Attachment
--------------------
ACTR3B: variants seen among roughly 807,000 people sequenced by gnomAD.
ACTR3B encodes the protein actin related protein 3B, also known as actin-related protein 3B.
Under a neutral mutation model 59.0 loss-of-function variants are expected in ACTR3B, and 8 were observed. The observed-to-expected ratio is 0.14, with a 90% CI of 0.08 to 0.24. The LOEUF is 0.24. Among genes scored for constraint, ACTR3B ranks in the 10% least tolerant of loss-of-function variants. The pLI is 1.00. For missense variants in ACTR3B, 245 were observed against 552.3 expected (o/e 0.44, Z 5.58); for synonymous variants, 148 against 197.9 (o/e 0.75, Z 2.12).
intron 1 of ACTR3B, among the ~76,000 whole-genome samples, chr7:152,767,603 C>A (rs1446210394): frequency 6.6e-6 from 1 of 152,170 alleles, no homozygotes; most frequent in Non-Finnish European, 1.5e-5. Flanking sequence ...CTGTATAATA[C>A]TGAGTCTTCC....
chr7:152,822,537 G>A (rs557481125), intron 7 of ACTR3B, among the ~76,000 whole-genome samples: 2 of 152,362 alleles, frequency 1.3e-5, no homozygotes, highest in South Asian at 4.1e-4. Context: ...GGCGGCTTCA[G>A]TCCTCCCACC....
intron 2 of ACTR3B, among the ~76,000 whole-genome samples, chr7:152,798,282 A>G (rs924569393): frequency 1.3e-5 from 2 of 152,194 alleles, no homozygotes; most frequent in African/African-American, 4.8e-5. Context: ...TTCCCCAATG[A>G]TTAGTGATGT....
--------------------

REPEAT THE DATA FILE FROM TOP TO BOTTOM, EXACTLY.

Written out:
ACTR3B: variants seen among roughly 807,000 people sequenced by gnomAD.
ACTR3B encodes the protein actin related protein 3B, also known as actin-related protein 3B.
Under a neutral mutation model 59.0 loss-of-function variants are expected in ACTR3B, and 8 were observed. The observed-to-expected ratio is 0.14, with a 90% CI of 0.08 to 0.24. The LOEUF is 0.24. Among genes scored for constraint, ACTR3B ranks in the 10% least tolerant of loss-of-function variants. The pLI is 1.00. For missense variants in ACTR3B, 245 were observed against 552.3 expected (o/e 0.44, Z 5.58); for synonymous variants, 148 against 197.9 (o/e 0.75, Z 2.12).
intron 1 of ACTR3B, among the ~76,000 whole-genome samples, chr7:152,767,603 C>A (rs1446210394): frequency 6.6e-6 from 1 of 152,170 alleles, no homozygotes; most frequent in Non-Finnish European, 1.5e-5. Flanking sequence ...CTGTATAATA[C>A]TGAGTCTTCC....
chr7:152,822,537 G>A (rs557481125), intron 7 of ACTR3B, among the ~76,000 whole-genome samples: 2 of 152,362 alleles, frequency 1.3e-5, no homozygotes, highest in South Asian at 4.1e-4. Context: ...GGCGGCTTCA[G>A]TCCTCCCACC....
intron 2 of ACTR3B, among the ~76,000 whole-genome samples, chr7:152,798,282 A>G (rs924569393): frequency 1.3e-5 from 2 of 152,194 alleles, no homozygotes; most frequent in African/African-American, 4.8e-5. Context: ...TTCCCCAATG[A>G]TTAGTGATGT....